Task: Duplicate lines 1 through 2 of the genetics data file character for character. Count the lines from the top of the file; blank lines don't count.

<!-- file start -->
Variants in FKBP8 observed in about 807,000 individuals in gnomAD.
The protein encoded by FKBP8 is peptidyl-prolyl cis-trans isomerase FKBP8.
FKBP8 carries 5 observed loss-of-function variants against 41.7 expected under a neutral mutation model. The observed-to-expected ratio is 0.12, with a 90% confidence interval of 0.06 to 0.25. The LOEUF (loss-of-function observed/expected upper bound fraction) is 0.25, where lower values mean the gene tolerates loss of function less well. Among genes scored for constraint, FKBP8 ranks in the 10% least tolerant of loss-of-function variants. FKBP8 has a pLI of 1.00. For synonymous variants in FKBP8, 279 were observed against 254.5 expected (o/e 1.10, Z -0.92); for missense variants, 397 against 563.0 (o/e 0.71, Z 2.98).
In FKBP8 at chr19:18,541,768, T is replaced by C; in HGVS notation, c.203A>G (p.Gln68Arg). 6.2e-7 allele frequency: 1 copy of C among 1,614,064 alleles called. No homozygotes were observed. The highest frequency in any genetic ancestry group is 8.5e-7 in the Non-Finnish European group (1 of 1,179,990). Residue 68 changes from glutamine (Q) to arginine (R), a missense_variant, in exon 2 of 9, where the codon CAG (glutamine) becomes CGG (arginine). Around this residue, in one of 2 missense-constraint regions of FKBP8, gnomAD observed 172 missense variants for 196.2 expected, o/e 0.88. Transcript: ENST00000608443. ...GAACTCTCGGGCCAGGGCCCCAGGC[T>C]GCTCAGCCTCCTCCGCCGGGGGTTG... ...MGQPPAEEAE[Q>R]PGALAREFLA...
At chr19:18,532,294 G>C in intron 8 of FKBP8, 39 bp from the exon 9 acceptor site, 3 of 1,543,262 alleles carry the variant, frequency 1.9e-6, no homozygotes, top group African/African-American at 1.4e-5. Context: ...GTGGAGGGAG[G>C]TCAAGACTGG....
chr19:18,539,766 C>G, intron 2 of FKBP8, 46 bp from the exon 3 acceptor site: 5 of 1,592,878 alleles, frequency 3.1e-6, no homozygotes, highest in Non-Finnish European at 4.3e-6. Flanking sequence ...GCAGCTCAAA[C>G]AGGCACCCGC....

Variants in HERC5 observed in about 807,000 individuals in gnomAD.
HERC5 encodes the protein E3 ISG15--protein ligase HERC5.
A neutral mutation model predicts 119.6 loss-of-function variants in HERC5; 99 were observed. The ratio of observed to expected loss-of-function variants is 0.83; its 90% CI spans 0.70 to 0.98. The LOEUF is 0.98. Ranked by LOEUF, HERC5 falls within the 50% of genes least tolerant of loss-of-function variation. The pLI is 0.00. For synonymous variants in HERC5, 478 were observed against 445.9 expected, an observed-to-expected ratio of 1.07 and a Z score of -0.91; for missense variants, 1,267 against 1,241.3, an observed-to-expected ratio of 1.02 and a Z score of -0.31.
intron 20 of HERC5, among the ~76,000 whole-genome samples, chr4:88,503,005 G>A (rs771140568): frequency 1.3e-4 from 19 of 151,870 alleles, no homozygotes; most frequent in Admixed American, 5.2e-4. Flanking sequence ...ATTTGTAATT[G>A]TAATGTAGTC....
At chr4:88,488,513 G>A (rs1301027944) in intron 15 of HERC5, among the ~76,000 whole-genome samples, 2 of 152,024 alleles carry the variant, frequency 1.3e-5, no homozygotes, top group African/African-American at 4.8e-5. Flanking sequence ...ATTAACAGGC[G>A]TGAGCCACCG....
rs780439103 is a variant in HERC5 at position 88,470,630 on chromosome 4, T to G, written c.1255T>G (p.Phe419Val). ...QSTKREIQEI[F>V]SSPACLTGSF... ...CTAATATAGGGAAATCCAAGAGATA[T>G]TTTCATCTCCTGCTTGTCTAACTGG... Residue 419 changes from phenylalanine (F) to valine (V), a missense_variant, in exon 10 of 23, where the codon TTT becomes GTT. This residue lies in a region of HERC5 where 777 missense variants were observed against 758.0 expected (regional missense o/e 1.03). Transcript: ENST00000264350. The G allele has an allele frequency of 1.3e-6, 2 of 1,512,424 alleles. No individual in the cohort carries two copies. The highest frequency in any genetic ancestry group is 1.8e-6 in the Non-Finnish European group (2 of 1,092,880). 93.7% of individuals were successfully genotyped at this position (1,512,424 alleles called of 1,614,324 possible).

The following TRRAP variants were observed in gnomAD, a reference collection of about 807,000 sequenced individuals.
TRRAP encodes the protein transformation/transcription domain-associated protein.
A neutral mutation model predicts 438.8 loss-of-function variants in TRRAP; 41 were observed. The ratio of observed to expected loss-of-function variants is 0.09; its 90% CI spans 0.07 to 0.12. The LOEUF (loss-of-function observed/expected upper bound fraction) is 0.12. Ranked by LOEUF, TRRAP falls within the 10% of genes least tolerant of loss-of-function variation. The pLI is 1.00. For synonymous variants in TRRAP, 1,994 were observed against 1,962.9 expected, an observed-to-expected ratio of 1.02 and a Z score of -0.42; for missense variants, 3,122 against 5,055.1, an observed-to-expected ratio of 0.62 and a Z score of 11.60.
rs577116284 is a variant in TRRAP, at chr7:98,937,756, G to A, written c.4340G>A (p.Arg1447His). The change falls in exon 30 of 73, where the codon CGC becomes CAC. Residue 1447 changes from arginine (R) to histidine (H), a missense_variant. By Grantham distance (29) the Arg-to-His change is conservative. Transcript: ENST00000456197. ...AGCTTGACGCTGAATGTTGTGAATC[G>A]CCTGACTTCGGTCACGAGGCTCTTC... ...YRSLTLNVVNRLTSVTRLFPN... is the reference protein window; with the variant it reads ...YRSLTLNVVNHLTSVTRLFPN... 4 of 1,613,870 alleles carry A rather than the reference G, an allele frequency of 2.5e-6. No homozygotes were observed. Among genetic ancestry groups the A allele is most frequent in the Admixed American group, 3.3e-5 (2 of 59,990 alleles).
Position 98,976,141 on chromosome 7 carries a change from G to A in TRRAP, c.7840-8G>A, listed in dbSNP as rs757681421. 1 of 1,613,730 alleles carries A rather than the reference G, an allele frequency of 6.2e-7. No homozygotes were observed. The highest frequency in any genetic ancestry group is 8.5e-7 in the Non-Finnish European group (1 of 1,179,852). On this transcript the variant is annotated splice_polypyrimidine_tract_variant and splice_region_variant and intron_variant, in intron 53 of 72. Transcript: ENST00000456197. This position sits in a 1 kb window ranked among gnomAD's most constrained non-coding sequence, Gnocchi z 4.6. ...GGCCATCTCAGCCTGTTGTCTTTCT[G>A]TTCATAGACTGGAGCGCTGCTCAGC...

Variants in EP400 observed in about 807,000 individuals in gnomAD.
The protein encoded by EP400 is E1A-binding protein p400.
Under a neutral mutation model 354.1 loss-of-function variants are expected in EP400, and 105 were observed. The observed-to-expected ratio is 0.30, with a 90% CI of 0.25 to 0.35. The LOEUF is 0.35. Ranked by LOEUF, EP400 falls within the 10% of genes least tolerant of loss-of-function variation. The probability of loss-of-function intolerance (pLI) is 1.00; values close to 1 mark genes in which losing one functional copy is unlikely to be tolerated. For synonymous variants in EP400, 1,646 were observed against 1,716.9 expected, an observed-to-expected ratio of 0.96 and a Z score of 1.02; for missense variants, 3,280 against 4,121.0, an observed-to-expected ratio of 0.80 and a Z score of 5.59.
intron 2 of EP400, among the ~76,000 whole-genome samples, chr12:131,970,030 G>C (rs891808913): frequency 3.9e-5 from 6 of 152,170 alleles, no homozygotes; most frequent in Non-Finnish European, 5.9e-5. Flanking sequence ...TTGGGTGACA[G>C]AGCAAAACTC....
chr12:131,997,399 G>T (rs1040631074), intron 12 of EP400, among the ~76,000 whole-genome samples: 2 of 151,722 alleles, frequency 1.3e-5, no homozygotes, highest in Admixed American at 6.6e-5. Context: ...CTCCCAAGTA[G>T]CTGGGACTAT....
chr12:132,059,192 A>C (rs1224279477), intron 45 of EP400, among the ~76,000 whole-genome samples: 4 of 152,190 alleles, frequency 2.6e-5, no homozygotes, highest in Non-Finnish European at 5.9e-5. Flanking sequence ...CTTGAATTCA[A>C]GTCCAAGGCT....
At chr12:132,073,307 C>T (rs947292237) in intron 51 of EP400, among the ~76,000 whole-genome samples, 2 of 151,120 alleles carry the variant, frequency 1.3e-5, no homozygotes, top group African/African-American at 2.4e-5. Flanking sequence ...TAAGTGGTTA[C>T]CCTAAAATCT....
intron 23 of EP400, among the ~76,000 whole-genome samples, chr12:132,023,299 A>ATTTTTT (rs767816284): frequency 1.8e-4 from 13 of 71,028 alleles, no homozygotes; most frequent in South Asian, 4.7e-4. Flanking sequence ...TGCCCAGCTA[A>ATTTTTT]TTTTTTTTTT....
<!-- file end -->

Variants in FKBP8 observed in about 807,000 individuals in gnomAD.
The protein encoded by FKBP8 is peptidyl-prolyl cis-trans isomerase FKBP8.